Guy Schwinge has seen the market highs and low over his 35 years in the business and, even taking into account the resolutely upbeat attitude of most auctioneers (as opposed to the downbeat default mode of some buyers), his post-sale verdict will cheer the market.
It was backed up by two lots in particular at the February 22-23 sale at Duke’s (22% buyer’s premium) of Dorchester, where Schwinge is a partner.
First up was the George II breakfront bookcase. Standing 8ft 1in (2.46m) high, it was a fine example of its kind but the sort of bulky mahogany item which was among the hardest hit areas of the brown furniture slump.
Accordingly, the consignment from a Kensington house to the Dorset rooms was estimated at £3000-5000. It triggered a battle between a local private buyer in the room, a London dealer and a leading art consultant bidding for a client on the phones. It sold to the dealer at £18,500.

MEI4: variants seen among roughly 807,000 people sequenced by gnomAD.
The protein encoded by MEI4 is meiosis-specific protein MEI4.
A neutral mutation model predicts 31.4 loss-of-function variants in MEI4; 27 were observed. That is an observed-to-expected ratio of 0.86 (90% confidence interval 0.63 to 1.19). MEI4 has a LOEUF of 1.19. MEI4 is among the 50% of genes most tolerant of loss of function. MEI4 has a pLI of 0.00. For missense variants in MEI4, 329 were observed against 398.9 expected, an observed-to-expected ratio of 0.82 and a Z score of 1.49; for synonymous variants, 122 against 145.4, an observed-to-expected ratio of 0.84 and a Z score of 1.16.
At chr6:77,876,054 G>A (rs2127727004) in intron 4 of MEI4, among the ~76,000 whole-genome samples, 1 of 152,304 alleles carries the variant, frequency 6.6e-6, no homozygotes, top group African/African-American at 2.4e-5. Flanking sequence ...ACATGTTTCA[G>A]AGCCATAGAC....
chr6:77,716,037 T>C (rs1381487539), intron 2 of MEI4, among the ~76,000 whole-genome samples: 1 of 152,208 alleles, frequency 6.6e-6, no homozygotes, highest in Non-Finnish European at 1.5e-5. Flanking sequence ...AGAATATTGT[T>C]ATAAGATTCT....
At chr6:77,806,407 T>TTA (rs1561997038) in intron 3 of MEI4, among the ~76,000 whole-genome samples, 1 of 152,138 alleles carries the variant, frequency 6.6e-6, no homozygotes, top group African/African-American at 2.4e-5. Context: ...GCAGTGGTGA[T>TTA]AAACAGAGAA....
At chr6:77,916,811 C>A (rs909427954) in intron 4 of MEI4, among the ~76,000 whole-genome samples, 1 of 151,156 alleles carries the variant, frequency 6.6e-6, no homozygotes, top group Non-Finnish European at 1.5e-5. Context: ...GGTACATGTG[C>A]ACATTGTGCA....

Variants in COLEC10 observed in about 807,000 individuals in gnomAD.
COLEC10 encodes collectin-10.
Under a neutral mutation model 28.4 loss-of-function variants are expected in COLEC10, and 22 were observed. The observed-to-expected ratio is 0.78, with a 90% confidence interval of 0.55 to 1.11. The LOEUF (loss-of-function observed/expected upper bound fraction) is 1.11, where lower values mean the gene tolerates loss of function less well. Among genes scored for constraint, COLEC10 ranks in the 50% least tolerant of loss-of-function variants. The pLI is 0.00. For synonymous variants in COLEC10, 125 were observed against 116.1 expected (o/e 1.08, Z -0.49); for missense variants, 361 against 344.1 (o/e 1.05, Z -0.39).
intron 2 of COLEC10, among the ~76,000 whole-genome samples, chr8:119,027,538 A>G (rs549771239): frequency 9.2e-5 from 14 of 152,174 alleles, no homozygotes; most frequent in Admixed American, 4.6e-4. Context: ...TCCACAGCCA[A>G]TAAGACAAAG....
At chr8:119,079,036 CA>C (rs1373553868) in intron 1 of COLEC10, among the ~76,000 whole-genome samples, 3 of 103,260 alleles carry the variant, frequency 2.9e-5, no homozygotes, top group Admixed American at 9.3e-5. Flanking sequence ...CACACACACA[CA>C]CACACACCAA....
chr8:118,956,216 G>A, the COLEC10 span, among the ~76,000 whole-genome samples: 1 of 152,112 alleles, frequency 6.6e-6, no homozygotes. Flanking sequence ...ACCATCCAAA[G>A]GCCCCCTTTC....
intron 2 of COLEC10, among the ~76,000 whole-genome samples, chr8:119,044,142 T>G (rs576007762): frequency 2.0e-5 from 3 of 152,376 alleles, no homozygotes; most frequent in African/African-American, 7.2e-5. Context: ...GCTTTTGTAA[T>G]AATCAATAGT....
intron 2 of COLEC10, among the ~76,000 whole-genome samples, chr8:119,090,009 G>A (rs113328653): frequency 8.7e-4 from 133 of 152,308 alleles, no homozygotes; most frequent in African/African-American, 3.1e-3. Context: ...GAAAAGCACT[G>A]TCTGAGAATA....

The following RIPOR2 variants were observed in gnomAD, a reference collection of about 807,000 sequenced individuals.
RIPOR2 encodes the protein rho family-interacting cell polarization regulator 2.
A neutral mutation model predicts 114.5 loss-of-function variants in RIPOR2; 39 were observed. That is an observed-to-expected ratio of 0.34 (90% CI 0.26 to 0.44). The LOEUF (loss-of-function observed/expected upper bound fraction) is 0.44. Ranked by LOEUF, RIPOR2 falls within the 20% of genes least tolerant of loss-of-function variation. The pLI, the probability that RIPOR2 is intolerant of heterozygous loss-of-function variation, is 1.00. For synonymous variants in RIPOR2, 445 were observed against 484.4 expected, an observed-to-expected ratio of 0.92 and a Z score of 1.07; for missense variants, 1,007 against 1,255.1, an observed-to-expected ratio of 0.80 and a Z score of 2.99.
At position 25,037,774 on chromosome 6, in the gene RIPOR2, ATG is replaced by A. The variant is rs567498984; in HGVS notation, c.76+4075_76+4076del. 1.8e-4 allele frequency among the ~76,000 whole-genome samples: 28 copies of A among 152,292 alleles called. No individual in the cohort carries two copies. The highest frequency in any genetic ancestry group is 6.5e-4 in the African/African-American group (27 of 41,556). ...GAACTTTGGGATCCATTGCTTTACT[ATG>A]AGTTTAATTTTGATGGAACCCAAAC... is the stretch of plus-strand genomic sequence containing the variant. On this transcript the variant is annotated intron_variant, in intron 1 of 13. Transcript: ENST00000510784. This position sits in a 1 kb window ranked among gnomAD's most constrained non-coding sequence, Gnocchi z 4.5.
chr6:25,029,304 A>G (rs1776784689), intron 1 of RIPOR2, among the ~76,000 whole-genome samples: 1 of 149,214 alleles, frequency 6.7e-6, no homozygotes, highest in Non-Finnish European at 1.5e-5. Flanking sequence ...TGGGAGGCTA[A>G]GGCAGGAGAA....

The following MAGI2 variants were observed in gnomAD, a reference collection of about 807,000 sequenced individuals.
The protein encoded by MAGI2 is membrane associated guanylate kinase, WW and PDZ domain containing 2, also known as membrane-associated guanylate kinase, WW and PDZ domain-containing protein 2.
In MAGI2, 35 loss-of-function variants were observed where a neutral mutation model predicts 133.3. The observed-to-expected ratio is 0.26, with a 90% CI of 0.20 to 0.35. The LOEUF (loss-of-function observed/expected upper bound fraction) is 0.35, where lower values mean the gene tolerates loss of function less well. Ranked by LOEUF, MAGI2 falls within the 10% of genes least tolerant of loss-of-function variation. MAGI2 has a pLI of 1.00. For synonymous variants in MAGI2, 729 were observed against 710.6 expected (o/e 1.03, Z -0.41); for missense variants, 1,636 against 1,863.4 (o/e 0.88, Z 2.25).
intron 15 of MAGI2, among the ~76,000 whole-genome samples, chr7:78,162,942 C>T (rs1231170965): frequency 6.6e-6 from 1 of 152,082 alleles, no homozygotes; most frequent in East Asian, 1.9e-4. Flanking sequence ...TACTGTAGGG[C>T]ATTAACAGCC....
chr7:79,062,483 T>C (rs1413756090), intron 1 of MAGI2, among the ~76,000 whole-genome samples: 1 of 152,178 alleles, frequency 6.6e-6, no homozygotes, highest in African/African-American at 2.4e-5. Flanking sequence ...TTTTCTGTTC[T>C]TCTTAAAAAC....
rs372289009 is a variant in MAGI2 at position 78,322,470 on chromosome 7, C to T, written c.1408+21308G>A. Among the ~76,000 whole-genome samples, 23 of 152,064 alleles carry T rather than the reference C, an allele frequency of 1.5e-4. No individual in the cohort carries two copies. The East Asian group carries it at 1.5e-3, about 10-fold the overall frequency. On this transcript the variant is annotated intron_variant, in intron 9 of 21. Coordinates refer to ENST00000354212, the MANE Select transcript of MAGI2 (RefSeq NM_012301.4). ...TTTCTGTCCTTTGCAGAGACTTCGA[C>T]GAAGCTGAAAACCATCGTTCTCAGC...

More was expected for the early George II, 7ft 11in (2.41m) tall giltwood mirror catalogued as in the manner of Thomas Johnson and having ‘elements of the carving which may be compared to comparable pieces by Thomas Chippendale and John Linnell’.
It was originally in the collection of Edward Cecil Guinness, First Earl of Iveagh at Farmleigh, Castleknock, Co Dublin. Although some bidders had reservations about its condition, “the illustrious provenance and the sheer scale of the mirror outweighed such concerns”, said Schwinge.
Certainly it did to the extent that it made the lower end of its £20,000-25,000 estimate, selling to an ‘anonymous international buyer’ on thesaleroom.com.